She had me come back with my parents and my husband so that we could all hear the information and decide the next step. She said there was a clinical trial she could get me into at the National Cancer Institute in Bethesda, Maryland. She was also honest with us and told us that it probably wouldn’t help me but would help with research in the future. At this point, I was given 3 weeks to 3 months to live. Let that sink in for a moment! I must say that even with all this bad news, we never lost our faith. I would get discouraged and not like the process, but I ALWAYS knew God would heal me. I didn’t care if it was through chemo, radiation, a clinical trial, or a MIRACLE…I just knew God would somehow do it.

We asked for a lung biopsy just to make sure it was melanoma. Dr. Feagin said that lung biopsies are painful, and it was unnecessary because she already knew. I insisted, and she agreed. I prayed and prayed and prayed that I would get in there, and they would say, “Oh wow! It’s gone!” That didn’t happen. I didn’t understand why God didn’t miraculously step in as He had done so many times before. It was painful..worse than childbirth, breast injections, or anything else I can think of! It was the only point in which I really wondered if it would be better to just die. That night at home, Jason called my mother because he was so concerned about me. When we went in to get the results, we found out that they didn’t get a very good sample. I smiled and knew God had intervened. Dr. Feagin said not to get our hopes up because the mass was still there, and she was absolutely sure it was melanoma. Other doctors who looked at the tests agreed. Even though I knew it would be painful, I asked for another biopsy. They put me into the CT scanner (this is another procedure that had to be done with me completely awake) to get some pictures before they started. I was in there longer than I had been with the first biopsy which I thought was strange. Then the machine started moving me out. I remember wondering why that was happening. When I looked up, I saw the radiologist. “Well, we can’t do the procedure today,” he said. My mind began racing. Why? Good lord, I can’t take another day off work! I’ve prepared myself mentally for the pain! The doctor stopped my thoughts by saying, “I rarely get to give people good news, but I get to today! We can’t do the procedure because there’s nothing to biopsy. Your lungs are clear!” I immediately began to cry. The nurse began to rub my shoulder and handed me a tissue. They knew my story. They knew what I was up against. They knew what was at stake here. The doctor told me that I was free to leave. I told them that they had just witnessed a miracle, and if that didn’t make them believe in God, I don’t know what would.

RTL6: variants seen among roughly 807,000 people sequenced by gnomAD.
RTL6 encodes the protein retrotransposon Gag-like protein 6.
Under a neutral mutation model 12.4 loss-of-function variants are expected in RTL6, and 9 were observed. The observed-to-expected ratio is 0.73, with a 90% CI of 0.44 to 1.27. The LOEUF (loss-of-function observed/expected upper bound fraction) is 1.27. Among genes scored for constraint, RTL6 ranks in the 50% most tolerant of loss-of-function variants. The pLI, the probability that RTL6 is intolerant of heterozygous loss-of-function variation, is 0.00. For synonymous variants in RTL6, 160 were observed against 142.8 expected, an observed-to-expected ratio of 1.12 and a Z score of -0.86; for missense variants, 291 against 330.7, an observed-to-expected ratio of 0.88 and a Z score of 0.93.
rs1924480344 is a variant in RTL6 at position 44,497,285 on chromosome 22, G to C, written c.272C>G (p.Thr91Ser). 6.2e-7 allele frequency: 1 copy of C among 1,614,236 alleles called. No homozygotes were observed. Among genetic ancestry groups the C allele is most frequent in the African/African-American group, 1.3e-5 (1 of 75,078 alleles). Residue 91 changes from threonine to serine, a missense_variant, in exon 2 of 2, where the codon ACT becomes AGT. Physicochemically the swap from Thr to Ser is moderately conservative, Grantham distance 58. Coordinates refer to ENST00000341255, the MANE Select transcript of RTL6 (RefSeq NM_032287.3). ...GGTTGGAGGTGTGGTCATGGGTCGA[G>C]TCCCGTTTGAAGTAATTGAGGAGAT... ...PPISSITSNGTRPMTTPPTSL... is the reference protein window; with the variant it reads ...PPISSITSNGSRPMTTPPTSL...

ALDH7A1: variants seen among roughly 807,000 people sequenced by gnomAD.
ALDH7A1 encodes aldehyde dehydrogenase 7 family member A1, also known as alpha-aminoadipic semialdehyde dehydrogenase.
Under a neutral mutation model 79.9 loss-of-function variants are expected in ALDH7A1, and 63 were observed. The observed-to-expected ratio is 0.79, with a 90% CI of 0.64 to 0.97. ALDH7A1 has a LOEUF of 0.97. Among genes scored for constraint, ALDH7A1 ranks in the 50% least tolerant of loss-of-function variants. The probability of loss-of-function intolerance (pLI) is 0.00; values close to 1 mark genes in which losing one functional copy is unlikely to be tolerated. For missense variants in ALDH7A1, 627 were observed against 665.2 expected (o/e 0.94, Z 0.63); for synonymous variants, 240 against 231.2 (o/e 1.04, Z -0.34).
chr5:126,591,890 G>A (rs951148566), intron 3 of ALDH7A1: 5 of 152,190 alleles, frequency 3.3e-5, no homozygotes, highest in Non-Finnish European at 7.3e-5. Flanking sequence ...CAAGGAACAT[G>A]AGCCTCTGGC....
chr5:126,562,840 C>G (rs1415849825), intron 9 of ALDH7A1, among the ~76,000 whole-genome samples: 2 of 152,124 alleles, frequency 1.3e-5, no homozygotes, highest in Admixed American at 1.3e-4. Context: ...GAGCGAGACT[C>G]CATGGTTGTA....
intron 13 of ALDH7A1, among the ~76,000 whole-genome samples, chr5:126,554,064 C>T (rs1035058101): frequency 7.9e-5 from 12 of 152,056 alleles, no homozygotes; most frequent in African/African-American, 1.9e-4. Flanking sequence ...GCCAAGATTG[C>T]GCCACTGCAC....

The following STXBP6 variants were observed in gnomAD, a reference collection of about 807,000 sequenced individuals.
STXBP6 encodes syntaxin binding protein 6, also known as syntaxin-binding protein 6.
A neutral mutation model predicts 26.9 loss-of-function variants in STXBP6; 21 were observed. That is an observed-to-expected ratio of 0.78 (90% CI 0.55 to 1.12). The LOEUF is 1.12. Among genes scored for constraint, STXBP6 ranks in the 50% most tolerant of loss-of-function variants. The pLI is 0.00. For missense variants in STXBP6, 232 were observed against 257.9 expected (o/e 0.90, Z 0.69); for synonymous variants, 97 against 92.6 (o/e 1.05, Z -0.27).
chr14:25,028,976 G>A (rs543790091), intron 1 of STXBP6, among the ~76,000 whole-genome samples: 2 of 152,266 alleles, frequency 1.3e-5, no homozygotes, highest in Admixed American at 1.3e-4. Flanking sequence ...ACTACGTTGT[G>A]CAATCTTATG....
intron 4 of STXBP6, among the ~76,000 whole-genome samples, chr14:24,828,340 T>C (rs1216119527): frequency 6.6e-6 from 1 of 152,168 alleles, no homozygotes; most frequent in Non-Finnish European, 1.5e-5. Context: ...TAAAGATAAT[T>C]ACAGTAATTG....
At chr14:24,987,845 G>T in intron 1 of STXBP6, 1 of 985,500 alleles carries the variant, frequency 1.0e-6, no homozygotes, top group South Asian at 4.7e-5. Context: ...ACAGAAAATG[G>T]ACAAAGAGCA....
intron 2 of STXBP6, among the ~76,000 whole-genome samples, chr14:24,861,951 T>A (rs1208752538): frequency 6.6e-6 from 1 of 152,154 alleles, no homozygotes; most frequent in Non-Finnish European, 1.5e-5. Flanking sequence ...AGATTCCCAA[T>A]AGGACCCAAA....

That, my friends, is the end of that chapter. I have been completely cancer-free since that day. Dr. Feagin called it “spontaneous regression” but I call it a “miracle.” God stepped in and did what He had to do. There was no time for medicine or doctors. He had to intervene, and He had to do it quickly. And He did…because I stood on the promises of God. I knew that 1,000 may fall on my right, and 10,000 on my left, but it would NOT come near me. I knew that NO weapon formed against me would prosper. I knew that He had a plan and a future for me. He didn’t want to leave Jacob without a mother and Jason without a wife. He wanted sweet little Caroline to be born….but that’s another day’s post!! If you or someone you know is fighting a cancer battle, don’t lose hope. Don’t lose faith. Jesus died on the cross so that by His stripes we could be healed. He did it for me, and He’ll do it for you!!!

*Note: This is the short version. I actually had to leave ALOT out. I’m really thinking about writing a book.